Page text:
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ALBUM REVIEW / JAZZ : 'Carter' Only Captures Part of His Best : BENNY CARTER, "Best of Benny Carter" Music Masters *** 1/2

August 08, 1995|BILL KOHLHAASE

The title of this compilation deserves an asterisk. Surely no single CD could harbor all the best of a musician with a career as long and as distinguished as Benny Carter's, and this one doesn't try. Instead, it highlights the most recent years of Carter's career, those since his 80th birthday.

But that doesn't mean "Best Of" captures an icon in his twilight days. Carter's alto work is still vital and filled with characteristic ease and invention. There's a child-like playfulness to his improvisations, which develop with the inevitability of a storybook. He bounces easily through melodies and displays characteristic diplomacy in group sessions. In short, he demonstrates the same gentlemanly qualities and creative vision that earned him a reputation long before many of us were born.

Carter's skill as composer-arranger is also chronicled here, with combo pieces ("Another Time, Another Place"), orchestral compositions (the Grammy-winning "Sugar Hill Slow Drag") and sweet sax-section arranging, represented by Johnny Green's ballad "Out of Nowhere," with saxophonists Herb Geller, Jimmy Heath, Frank Wess and baritonist Joe Temperley joining Carter's alto.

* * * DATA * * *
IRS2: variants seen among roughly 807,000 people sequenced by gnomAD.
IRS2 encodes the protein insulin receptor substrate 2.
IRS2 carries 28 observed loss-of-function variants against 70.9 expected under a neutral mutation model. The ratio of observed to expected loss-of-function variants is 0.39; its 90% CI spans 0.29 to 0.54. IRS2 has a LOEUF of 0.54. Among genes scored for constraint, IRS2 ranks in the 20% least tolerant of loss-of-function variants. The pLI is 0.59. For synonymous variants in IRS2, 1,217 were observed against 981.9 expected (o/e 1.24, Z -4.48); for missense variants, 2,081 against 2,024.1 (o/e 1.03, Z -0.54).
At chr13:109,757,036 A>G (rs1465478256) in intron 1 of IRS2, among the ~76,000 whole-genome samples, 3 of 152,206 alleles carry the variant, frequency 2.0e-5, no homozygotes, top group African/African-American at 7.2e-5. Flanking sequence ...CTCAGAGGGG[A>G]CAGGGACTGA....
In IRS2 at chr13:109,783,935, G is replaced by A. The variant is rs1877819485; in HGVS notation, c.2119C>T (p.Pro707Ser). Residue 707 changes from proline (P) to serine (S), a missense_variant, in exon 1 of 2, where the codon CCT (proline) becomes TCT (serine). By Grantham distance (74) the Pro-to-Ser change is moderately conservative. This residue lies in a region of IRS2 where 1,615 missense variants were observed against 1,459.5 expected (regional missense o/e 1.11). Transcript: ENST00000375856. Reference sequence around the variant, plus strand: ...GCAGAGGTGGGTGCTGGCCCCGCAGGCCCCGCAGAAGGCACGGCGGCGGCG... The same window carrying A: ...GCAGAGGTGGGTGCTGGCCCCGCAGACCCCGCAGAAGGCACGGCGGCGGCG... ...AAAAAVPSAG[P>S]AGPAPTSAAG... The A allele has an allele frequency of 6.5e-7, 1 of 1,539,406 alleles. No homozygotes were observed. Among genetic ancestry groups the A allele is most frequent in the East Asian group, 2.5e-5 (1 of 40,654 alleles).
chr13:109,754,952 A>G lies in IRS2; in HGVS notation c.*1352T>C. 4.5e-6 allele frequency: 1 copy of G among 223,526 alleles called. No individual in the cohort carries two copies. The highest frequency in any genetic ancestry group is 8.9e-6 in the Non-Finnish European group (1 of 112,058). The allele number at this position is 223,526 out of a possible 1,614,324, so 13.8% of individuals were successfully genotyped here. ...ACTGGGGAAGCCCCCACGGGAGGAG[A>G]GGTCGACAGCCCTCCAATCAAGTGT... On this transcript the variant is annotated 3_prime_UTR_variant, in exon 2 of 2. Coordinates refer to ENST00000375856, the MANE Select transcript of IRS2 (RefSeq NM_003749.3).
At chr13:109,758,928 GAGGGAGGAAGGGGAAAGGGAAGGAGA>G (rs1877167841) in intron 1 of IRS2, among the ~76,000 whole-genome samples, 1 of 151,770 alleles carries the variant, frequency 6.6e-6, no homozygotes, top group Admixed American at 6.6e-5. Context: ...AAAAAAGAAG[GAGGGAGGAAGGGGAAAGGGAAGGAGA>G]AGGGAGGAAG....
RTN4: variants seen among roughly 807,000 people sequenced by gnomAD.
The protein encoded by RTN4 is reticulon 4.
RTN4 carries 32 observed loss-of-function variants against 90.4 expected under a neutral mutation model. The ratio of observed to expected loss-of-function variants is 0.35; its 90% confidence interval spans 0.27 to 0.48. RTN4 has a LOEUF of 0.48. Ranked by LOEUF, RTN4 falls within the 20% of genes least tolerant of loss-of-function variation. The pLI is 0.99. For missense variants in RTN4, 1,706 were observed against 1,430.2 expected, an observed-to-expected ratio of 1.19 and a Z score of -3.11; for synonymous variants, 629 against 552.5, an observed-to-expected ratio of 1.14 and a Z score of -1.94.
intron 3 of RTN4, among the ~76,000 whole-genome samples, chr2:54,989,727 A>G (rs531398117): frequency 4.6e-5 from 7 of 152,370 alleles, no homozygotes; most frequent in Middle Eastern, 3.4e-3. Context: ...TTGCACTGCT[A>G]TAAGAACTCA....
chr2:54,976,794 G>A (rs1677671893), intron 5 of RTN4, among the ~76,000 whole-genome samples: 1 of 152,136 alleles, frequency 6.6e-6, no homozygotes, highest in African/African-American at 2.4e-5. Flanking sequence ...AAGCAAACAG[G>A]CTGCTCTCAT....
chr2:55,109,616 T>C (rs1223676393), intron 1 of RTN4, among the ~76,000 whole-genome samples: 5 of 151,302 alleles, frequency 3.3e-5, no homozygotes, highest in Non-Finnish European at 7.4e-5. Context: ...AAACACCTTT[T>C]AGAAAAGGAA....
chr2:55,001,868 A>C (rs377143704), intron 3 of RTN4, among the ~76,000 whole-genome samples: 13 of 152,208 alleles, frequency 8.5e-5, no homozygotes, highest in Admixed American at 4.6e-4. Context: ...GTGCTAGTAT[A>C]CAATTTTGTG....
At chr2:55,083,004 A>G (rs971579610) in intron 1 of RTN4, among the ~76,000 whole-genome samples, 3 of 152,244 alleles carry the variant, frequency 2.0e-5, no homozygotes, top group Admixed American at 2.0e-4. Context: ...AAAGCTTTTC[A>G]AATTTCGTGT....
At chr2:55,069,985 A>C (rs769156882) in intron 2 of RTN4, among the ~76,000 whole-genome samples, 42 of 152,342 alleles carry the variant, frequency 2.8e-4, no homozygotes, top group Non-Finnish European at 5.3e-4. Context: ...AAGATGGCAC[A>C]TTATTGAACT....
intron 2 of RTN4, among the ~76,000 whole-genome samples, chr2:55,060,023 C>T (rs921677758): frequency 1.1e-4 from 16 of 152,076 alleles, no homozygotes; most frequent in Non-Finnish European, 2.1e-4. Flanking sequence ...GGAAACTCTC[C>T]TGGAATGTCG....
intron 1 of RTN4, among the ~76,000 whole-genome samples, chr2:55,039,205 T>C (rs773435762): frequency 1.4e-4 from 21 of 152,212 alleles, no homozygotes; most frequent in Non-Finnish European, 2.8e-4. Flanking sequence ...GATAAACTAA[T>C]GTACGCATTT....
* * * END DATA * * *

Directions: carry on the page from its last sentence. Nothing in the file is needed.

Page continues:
Other jazz notables making appearances on the disc include trumpeters Dizzy Gillespie, Harry (Sweets) Edison and Clark Terry, pianists Hank Jones, Roland Hanna and Kenny Barron, bassist Milt Hinton and drummer Louie Bellson. But the spotlight is squarely on Carter and his continually enlightening play. He's uncharacteristically quirky on "I'm Beginning to See the Light," sliding upward into pitch while making passing references to composer Johnny Hodges. He rambles at good speed through "You'd Be So Nice to Come Home To" while maintaining a relaxed, no-sweat feel. And his work on the well-worn "Lover Man" is a confident remake that uncovers fresh pathos without compromising his usual sophisticated style. "Best Of" is a timely look at a musician who's been at his peak for some 60 years.

Albums are rated on a scale of one star (poor), two stars (fair), three stars (good, recommended), four stars (excellent).

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